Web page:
Paste your Google Webmaster Tools verification code here Black History Edition: Inequity in Justice

17 Feb

February 17, 2014

racial inequality

Black History Month celebrates the contributions and accomplishments that people of African descent have made here in America. It acts as a reminder and a memorial for all the people who lost their lives during the formation of this country. Black history month recognizes all the sacrifices that brought African Americans closer to equality in the United States. However, African Americans still face inequality in the public conscience and in the judicial system. People, including African Americans, believe that African Americans are inherently violent and more prone to criminality. When, in fact, crime is a byproduct of poverty. People in poverty commit more crimes regardless of race. Black people have higher levels of unemployment and poverty, so they also are indicted in more crimes. People ask why White people are subjected to more scrutiny when they commit crimes against African Americans when Black-on-Black crime is far more prevalent. These people think that White men and women are less likely to commit crimes against other White people than they are to commit them against Black people. They are completely mistaken. White people usually commit crimes against other White people. Victimization is directly correlated to proximity. People are more likely to commit crimes against those who live closest to them. Since African Americans generally live in predominantly African American neighborhoods, and Caucasian people generally live in predominantly Caucasian populations, they commit crimes against people who share their race. 93 percent of crimes by Black people is against Black people, and 85 percent of crime by White people is against White people. The way that the penal system treats these criminals is very different though. Studies by the Federal Bureau of Investigation show that Caucasian Americans fare better when accused of a crime against an African American person than do African American people accused of a crime against Caucasian Americans.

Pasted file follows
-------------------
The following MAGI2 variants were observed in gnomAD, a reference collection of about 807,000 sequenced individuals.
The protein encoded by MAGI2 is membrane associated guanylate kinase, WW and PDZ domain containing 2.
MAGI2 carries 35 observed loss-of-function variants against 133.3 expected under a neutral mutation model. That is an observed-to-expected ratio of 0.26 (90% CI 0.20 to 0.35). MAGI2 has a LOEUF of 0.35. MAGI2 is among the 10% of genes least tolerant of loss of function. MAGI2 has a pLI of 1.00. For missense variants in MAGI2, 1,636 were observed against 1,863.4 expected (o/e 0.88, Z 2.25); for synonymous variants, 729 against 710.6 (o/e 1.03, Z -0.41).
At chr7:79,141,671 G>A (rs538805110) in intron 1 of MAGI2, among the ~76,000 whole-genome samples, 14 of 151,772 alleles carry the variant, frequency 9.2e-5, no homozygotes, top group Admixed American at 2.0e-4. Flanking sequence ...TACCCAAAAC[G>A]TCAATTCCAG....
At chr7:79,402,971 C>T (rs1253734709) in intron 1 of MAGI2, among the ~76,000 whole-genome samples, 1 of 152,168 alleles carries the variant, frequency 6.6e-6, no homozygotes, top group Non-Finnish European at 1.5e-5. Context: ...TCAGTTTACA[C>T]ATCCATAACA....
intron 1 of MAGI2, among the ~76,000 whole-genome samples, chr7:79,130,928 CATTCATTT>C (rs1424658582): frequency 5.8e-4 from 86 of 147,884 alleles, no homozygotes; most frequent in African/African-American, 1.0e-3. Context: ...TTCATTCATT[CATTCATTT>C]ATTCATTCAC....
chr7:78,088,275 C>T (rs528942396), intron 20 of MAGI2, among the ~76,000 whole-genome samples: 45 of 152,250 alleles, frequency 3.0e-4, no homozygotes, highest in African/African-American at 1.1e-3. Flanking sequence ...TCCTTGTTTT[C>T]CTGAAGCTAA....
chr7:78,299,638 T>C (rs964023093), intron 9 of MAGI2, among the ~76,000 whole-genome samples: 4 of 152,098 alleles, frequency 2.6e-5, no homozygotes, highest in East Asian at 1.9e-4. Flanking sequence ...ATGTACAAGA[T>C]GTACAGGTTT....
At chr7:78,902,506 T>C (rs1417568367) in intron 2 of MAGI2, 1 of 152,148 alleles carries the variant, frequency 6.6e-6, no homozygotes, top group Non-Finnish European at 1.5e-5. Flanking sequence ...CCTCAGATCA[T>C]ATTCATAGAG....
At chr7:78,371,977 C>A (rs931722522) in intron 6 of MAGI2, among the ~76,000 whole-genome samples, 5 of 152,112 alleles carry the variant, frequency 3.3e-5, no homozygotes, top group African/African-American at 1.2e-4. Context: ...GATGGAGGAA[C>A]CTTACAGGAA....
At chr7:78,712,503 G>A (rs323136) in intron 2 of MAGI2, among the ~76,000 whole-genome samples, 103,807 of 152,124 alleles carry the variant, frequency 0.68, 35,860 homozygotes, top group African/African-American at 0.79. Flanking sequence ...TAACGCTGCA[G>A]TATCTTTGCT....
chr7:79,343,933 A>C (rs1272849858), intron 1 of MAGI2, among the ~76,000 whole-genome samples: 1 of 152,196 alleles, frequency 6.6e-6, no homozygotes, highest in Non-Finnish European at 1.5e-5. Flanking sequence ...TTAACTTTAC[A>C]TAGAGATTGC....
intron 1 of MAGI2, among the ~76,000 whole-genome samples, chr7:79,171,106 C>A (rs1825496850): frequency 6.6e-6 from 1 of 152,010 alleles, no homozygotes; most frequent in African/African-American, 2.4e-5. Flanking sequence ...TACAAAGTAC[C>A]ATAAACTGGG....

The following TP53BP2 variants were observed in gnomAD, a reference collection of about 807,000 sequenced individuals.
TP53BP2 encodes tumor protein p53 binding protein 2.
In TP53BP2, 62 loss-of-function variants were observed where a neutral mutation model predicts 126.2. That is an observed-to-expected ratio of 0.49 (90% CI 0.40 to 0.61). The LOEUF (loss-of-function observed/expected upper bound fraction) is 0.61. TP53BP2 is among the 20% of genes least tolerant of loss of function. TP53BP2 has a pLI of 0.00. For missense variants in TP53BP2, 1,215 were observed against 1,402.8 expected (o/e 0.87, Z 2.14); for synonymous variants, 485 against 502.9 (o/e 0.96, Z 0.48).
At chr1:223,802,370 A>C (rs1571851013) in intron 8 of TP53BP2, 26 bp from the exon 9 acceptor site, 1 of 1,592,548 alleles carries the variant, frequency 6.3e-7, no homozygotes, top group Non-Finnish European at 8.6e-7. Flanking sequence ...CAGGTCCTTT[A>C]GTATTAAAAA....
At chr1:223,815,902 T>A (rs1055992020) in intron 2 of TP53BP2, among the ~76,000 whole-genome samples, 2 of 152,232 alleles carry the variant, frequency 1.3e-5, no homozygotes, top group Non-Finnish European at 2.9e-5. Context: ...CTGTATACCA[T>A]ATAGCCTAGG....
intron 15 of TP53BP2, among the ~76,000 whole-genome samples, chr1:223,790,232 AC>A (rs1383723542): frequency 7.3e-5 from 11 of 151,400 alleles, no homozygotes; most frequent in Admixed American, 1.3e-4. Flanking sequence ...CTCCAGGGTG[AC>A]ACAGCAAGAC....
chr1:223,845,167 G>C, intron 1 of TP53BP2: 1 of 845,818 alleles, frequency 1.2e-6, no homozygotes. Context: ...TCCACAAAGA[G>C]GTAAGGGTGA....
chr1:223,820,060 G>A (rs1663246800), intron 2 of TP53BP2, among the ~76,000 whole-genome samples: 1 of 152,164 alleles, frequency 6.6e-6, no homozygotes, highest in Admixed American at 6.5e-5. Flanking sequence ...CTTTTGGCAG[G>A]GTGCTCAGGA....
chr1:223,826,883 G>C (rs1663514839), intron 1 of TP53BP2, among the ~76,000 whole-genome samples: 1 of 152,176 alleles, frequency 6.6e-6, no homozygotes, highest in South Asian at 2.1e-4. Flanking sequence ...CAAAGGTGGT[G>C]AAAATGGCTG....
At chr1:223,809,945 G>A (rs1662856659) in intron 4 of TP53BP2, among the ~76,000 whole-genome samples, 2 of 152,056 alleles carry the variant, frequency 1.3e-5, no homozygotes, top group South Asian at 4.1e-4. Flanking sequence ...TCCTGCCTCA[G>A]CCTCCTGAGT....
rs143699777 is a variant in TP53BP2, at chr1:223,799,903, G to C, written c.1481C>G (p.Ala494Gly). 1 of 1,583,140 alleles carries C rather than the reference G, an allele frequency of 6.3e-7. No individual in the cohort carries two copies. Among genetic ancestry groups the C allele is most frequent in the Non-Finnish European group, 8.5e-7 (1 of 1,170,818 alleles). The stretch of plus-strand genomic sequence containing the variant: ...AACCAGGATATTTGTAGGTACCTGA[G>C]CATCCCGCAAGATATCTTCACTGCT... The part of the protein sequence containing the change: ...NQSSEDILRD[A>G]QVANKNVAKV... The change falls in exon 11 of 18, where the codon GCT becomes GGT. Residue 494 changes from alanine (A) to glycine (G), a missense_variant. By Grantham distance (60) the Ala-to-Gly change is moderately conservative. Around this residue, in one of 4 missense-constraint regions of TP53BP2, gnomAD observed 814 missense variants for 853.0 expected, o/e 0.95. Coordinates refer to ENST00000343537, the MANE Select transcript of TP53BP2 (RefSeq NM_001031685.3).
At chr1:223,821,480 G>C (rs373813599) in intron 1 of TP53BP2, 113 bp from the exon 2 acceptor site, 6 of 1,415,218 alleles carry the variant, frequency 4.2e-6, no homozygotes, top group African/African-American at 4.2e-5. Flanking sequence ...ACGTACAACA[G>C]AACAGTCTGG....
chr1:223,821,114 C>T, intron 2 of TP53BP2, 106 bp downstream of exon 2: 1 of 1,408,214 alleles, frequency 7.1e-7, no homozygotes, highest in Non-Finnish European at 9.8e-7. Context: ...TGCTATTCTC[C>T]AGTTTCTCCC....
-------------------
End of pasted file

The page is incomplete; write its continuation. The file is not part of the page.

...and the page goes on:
Roman found that the killings of black people by whites were more likely to be considered justified than the killings of white people by blacks.

….At FRONTLINE’s request, Roman analyzed the pool of 43,500 homicides by race in states with Stand Your Ground laws* and those without them. Because he wanted to control for multiple variables — the races of the victim and the shooter, whether they were strangers, whether they involved a firearm and whether the murders were in Stand Your Ground states — Roman used a technique known as regression analysis, which is a statistical tool to analyze the relationship between different pieces of data.

Using this analysis, Roman found that a greater number of homicides were found justified in Stand Your Ground states in all racial combinations, a result he believes is because those states yielded more killings overall.

Roman also found that Stand Your Ground laws tend to track the existing racial disparities in homicide convictions across the U.S. — with one significant exception: Whites who kill blacks in Stand Your Ground states are far more likely to be found justified in their killings. In non-Stand Your Ground states, whites are 250 percent more likely to be found justified in killing a black person than a white person who kills another white person; in Stand Your Ground states, that number jumps to 354 percent.